Prayer and Mission

I  am prone to action. I am prone to “do – do – do.” I am prone to taking matters into my own hands and hoping that God will bless what I am doing. This is especially true of me when it comes to being on mission and doing evangelism. I want to create a system, develop a fool proof strategy, or figure out the latest and greatest methods for evangelism. In one sense that’s a good thing, we want to be faithful in accomplishing the task that God has entrusted us with – and part of being faithful is working hard at it. However I often find myself placing too much confidence in these sorts of things and not relying enough upon prayer.

In The Best Kept Secret of Christian Mission: Promoting the Gospel With More Than Our Lips, John Dickson calls us back to rely upon the power of prayer for evangelism…

Evangelism is grounded in heartfelt prayer. I realize this is a mother’s-milk statement, but sometimes I am in danger of treating prayer as if it were mother’s milk – something I have grown out of. How many churches have spent more time crafting mission statements, devising strategic plans, and organizing evangelistic programs than pleading with God for success in these activities? I am charging myself here. In my own church we tried to remain conscious of the priority of prayer. Instead of developing a manifold strategy for evangelism, we decided to produce and distribute a seven-paragraph congregational prayer, something that captured our hopes as a congregation and gave focus to our pleas to the Lord and planning evangelism. We figured that even if our strategies failed, the Lord might still answer our prayers. (66)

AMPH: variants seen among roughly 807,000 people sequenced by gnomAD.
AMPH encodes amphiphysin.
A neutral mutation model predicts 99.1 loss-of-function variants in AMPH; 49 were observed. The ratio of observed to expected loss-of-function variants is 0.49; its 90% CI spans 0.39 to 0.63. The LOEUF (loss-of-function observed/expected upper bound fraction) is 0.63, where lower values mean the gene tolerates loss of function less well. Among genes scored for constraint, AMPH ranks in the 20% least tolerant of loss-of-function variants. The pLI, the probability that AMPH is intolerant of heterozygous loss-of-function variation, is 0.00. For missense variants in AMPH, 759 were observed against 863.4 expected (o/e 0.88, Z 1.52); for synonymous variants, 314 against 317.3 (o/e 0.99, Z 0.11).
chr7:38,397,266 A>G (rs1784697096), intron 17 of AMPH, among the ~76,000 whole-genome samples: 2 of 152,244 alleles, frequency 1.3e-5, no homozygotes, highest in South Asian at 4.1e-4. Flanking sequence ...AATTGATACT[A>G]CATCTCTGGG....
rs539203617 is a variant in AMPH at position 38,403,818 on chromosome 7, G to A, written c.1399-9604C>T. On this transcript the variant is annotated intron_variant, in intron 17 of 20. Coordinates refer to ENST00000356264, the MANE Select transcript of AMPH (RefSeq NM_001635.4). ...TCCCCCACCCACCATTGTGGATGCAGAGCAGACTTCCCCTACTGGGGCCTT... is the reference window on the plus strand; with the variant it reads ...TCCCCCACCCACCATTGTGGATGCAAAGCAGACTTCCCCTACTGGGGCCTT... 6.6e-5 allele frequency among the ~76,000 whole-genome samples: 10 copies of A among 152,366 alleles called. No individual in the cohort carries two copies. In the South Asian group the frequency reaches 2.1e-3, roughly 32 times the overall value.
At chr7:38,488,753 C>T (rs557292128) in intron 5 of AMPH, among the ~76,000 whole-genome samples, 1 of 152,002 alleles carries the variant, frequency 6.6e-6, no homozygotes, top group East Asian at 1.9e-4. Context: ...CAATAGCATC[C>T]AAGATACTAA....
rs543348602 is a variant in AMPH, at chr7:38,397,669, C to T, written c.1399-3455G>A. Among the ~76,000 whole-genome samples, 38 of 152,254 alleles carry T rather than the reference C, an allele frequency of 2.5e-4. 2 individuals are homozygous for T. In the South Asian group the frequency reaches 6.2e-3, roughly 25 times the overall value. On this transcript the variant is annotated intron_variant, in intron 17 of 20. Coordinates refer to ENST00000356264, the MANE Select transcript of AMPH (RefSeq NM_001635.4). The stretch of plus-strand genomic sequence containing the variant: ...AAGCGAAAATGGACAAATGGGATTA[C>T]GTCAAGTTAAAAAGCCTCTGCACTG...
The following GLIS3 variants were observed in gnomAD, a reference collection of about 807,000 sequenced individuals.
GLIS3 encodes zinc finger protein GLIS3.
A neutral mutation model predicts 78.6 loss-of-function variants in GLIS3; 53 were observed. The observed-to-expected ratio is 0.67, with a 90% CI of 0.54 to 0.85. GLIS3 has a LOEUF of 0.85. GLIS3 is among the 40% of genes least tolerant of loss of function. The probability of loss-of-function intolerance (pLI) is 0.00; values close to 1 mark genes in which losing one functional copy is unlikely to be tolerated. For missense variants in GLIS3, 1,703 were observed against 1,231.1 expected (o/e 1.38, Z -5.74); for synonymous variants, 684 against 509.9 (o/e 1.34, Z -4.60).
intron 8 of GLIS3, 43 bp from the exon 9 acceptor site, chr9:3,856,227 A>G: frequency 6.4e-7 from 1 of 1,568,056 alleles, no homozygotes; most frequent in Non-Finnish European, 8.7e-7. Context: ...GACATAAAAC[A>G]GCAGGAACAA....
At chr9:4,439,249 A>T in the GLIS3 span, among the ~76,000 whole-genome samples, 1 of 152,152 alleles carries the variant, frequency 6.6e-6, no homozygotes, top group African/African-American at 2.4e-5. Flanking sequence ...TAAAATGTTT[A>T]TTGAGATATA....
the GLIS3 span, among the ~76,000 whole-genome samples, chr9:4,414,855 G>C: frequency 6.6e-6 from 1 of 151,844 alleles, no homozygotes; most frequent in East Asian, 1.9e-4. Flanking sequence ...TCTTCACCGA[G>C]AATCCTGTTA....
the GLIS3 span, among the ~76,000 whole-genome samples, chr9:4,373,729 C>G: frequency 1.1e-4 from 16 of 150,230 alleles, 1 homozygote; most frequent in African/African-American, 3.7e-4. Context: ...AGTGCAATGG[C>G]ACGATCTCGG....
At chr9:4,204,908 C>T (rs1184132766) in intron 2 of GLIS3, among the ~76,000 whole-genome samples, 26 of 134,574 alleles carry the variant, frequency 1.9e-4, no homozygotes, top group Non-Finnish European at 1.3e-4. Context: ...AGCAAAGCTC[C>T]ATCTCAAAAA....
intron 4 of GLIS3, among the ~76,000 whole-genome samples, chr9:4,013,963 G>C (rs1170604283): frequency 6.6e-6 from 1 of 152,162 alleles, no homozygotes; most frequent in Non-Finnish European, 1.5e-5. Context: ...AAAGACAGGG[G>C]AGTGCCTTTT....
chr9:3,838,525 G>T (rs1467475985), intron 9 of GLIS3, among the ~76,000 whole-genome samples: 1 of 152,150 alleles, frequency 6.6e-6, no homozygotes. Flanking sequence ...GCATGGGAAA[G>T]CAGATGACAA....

Evangelism is grounded in heartfelt prayer. That truth permeates scripture. Paul tells the Romans that it was his practice to plead with God on behalf of people who did not yet follow Jesus…

Brothers and sisters, my heart’s desire and prayer to God for the Israelites is that they may be saved.” (Romans 10:1)

Paul urges Timothy (and us) to pray for non-believers in the world…

I urge, then, first of all, that petitions prayers, intercession and thanksgiving be made for all people – for kings and all those in authority, that we may live peaceful and quiet lives in godliness and holiness. This is good, and pleases God our savior, who wants all people to be saved and to come to a knowledge of the truth. (1 Timothy 2:1-4)

Paul urges Timothy to pray for all people in order that all people may be saved and come to a knowledge of truth. Praying for those who don’t believe is one of the most important things we can do when it comes to mission and evangelism.

But its not just Paul who urges prayer for evangelism and mission – Jesus urges us to pray too! Before Jesus sends out his disciples he tells them

“The harvest is plentiful but the workers are few. Ask the Lord of the harvest, therefore to send out workers into his harvest field.” (Matthew 9:37-38)

As you reflect on the importance of prayer to evangelism and mission I would ask you to ponder these three questions:

  1. What are the names of non-believers that you are praying for?
  2. What unreached people groups are you praying for?
  3. How can you begin to incorporate prayer for the lost into your everyday prayer time?




Published by cwoznicki

Chris Woznicki is an Assistant Adjunct Professor of Theology at Fuller Theological Seminary. He works as the regional training associate for the Los Angeles region of Young Life.

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